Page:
The ‘Kaleidoscopic Wonderland’ of Farah Al Qasimi

Farah Al Qasimi in her studio. Courtesy the artist

The artist’s new monograph-cum-photobook is a critique of contemporary consumerist culture that revels in its aesthetic

Blankets covered in floral patterns burst across a floor on which are plates laden with oranges, a ripe papaya the colour of sunset, bananas, a pomegranate, seeds spilling out, chocolates and tinned fruit served in a frosted glass. If there was ever a book that ought to be judged by its cover, it would be Emirati photographer Farah Al Qasimi’s Hello Future, which opens onto a kaleidoscopic wonderland of jelly cakes, perfume bottles, Gatorade, artificial flowers, shopping-mall atriums dazzling with lights and mirrors, birds, baroque-inspired furniture, paradise-themed wallpaper and more. Part photobook and part monograph, it’s a critique of contemporary consumerist culture that revels in its aesthetic.

The photograph Lunch (2018) appears on the front of the book’s dustjacket. But this is no ordinary dustjacket: every object pictured can be peeled off as a sticker and rearranged on the book’s mirrorlike silver hardcover, like a personalised still life. ‘There’s something really comforting about not having to assign so much heaviness to a moment,’ Al Qasimi says to fellow artist Meriem Bennani in a discussion published here that addresses such topics as Islamic calligraphy, comics, Arabic language, SpongeBob SquarePants, classical music and growing up between Emirati and US cultures, equating this experience with her style of photography that she describes as ‘seasickness’, a ‘constant back-and-forth motion and cultural anxiety’.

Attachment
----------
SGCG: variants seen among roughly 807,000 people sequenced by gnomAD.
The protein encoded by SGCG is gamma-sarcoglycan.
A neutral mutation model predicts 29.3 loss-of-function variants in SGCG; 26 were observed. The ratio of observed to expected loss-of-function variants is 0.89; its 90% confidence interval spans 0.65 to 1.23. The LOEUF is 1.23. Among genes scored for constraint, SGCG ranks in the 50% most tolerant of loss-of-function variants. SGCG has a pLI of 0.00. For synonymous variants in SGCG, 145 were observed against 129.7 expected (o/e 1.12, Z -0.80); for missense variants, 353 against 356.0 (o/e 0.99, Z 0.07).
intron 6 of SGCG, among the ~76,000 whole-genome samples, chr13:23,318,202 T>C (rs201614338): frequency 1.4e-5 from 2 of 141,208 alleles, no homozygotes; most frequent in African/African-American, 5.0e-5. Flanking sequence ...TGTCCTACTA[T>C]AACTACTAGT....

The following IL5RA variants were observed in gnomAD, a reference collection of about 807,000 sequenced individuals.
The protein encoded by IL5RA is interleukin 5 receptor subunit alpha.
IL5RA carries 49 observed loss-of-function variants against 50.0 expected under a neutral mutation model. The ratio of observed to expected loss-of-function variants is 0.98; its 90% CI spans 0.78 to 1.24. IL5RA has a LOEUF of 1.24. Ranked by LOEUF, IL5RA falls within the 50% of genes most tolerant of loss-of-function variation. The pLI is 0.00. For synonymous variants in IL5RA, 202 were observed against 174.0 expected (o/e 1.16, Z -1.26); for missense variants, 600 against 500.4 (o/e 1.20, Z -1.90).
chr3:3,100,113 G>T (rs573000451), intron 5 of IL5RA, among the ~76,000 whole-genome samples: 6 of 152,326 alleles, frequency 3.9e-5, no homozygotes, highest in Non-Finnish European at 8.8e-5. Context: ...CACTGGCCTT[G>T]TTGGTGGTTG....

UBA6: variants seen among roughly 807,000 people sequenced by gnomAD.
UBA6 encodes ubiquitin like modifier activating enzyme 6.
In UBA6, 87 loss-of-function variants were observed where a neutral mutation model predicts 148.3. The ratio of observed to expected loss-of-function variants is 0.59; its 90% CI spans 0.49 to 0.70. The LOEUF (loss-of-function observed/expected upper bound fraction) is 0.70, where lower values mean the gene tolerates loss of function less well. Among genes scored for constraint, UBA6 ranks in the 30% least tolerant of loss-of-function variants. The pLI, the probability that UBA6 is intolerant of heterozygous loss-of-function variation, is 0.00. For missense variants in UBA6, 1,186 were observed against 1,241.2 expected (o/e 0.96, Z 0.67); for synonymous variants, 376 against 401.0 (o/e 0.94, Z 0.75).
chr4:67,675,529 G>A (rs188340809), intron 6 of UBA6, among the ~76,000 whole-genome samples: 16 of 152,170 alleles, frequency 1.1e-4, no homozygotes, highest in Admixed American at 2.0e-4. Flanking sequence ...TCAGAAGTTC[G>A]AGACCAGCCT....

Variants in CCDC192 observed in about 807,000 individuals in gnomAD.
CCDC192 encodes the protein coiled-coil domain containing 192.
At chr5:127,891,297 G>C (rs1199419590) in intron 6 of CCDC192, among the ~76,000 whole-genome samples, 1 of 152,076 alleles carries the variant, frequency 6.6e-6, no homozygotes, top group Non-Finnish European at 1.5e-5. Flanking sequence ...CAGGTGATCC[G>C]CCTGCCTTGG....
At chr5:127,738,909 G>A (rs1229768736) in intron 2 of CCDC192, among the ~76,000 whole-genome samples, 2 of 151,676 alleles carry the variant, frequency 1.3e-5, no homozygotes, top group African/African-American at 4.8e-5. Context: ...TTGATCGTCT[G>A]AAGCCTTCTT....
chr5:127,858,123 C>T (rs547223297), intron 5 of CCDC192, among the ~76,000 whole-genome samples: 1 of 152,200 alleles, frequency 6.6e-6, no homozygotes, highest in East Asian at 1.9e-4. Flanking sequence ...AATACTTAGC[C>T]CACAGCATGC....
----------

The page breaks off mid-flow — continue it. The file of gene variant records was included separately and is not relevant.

Cover of Farah Al Qasimi’s Hello Future (2022), featuring Lunch, 2018. Courtesy Capricious

But not all is bubble-gum coloured in this wonderland; sobering moments occur in details in which figures are only partly visible (faces obscured by smoke from a hookah, a girl half-concealed by drapery), or in more quiet scenes (two men touch noses in greeting, hooded falcons perch in a clinic at Abu Dhabi Falcon Hospital, a foggy landscape from which emerges a border wall). Or in blue monotone images that punctuate the main section of photographs, beginning with a storefront bearing the titular ‘Hello Future’ and closing with a still from The Legend of Snow White (1994) that reads ‘END’. These behave like hypnic jerks – each image date- and time-stamped – should you become too absorbed in the book. Images of mirrors bookend Hello Future on the inside flaps: one to suck you into the book’s manic maximalism, and another to spit you out.  

Hello Future, by Farah Al Qasimi, is published by Capricious

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